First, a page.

Navigating SEO with a New Website Launch

Image shows mockup of old site and new site with a traffic drop charted below them
The most beautiful new website won't succeed if you lose your organic traffic! Follow these steps to protect your future.

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SEO for New Websites

A new website launch can be a significant milestone! Oftentimes, it’s important to redesign or migrate your website for numerous reasons such as modernizing your look, differentiating from competitors, ease of maintenance, etc.

Unfortunately, an often overlooked aspect of a new website launch is retaining the value of your old site’s SEO. Maybe you’ve heard stories or been through it yourself. You have this beautiful new website designed. You update your web copy and imagery, get rid of pages that no longer matter, and add pages that do. It all makes perfect sense; these are necessary changes! 

However, if you make these changes without considering the implications on SEO, you could be setting yourself up for a dramatic loss of website traffic. Follow these steps to make sure you retain your existing organic traffic and can continue to build upon it. 

Run an SEO audit of your old/existing website

You can run a free SEO audit of your current website to set a baseline of performance that you will need to improve upon. The most important part of running this audit initially is to identify what about your current site is adding value and helping you on a journey to higher Google rankings.
Example from Semrush Site Audit:
SEMrush Site Audit Report for that shows a score of 98% health

Identify Top Ranking Pages

You can use Google Analytics to see your top landing pages for organic traffic. 

You can also use Google Search Console to dig even deeper and see not only which pages result in the most clicks to your site, but also your average position on the search engine results page (SERP) and your average click-through-rate (CTR) for each page.

Protect High Organic Traffic Pages

Once you’ve identified your top ranking pages, look at the keywords that users search to land them on these pages. Order those keywords (and corresponding pages) from most important to least important. Try highlighting the important keywords in green and any irrelevant or unimportant keywords in red. 

For all green, run each corresponding page through an SEOquake analysis and save all of the meta information. Also note your use of heading tags. When you create each page on your new site, retain as much of the content as you can as long as it’s still relevant to your business.

Identify Keyword Gaps

There are always going to be searches performed on Google that you would ideally show up for on SERPs. This is where identifying keyword gaps comes in. A good way to start this process is to compare your keyword rankings to all of your closest competitors in SEMrush. You’ll see which keywords you already overlap with them on (directly compete), but you’ll also see keywords they rank for and you don’t! Save these keywords in a spreadsheet. They might be useful for mapping to your new pages or future blog posts.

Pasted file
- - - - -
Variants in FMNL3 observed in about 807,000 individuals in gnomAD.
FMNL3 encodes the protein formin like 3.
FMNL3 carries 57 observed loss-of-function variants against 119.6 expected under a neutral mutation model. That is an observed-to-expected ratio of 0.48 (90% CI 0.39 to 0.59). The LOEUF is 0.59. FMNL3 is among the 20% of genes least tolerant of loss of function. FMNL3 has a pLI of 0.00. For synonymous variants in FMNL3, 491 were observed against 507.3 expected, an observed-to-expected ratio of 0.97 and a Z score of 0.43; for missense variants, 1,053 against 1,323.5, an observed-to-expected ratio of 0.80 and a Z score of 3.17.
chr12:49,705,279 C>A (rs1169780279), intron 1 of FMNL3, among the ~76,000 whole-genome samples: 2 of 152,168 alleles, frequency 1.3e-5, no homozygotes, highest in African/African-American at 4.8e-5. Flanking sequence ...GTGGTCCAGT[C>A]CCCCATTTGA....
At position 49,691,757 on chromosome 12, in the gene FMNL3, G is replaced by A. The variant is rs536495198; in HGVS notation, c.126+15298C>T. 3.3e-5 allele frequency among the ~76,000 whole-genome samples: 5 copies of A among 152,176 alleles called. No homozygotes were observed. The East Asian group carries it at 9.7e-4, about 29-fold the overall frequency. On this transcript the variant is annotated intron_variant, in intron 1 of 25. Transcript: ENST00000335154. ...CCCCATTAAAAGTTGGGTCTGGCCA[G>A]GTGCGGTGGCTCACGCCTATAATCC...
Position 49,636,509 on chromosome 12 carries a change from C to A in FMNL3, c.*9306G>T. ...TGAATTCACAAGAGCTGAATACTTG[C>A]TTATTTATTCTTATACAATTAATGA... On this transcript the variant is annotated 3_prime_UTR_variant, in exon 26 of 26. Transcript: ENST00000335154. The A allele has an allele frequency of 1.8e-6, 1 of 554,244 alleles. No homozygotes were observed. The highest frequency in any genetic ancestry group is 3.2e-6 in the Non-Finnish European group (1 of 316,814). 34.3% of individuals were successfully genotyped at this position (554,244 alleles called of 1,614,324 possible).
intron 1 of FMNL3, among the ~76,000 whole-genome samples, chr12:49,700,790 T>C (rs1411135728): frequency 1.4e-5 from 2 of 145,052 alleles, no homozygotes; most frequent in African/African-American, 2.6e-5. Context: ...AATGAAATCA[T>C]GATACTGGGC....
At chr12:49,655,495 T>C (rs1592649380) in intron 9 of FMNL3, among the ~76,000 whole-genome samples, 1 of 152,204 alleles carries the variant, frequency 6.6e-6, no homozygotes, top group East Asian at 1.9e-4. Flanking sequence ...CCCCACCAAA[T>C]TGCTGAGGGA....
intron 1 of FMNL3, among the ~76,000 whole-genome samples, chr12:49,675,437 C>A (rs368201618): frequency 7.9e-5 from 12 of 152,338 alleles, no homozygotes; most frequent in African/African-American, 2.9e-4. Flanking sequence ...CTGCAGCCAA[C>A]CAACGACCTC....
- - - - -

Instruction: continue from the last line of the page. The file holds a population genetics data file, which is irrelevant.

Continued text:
Review Existing Schema Markup

Schema markup is a way of structuring content within your website’s source code (often HTML) to tell search engines and social media platforms how to label and interpret the information. Some content management systems (CMS) will have schema that automatically gets created when you build a webpage, such as WebPage Schema or Organization Schema. It’s important to examine the schema markup of the top ranking pages on your existing/old website. 

On the new website, ensure that you retain this schema. This is also a good time to evaluate ANY missing schema markup on brand new pages and create it. This way, you’ll be giving your new pages an even better chance at improving rankings and sometimes even CTR. helps walk you through schema categories:

Plan All 301 Redirects

Do you have a plan for what happens to the URLs of the pages you’re getting rid of? Does your new site have a different URL structure than the old website? If you say yes to either or both of these questions, it’s time to make a plan for 301 redirects.

A 301 redirect is done when an old or obsolete URL needs to be redirected to a new, existing URL that either has the same or similar content to the old page. If there’s no similar page, the rule of thumb is to redirect to the homepage. When the URL is supposed to render a page, the 301 redirect will tell the browser to go to the new page rather than hitting a 404 error page (essentially, it shorts out).

You might wonder why you would 301 redirect a page you’ve deleted from your site. You deleted it because it’s no longer important, right? While that’s true, there might be other websites on the internet that still link to that old page. Instead of linking to a 404 page, you can make sure that all of those referral links still render pages on a user’s browser, with the aim of improving the user experience.


We launched a new website in early 2022 and set up redirect rules in our web hosting platform. The redirect will ask for the original URL, the new URL, and what type of redirect you want to create. You have the option to set a temporary 302 or permanent 301 redirect. You always want to make sure you set these as 301 redirects, since you are permanently modifying the URL of each page.

List of 10 redirect rules for

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PPC Team standing outside by a building with their arms draped over a safety bar, L-R: Beth Ireland, Tess Little, and Lauren England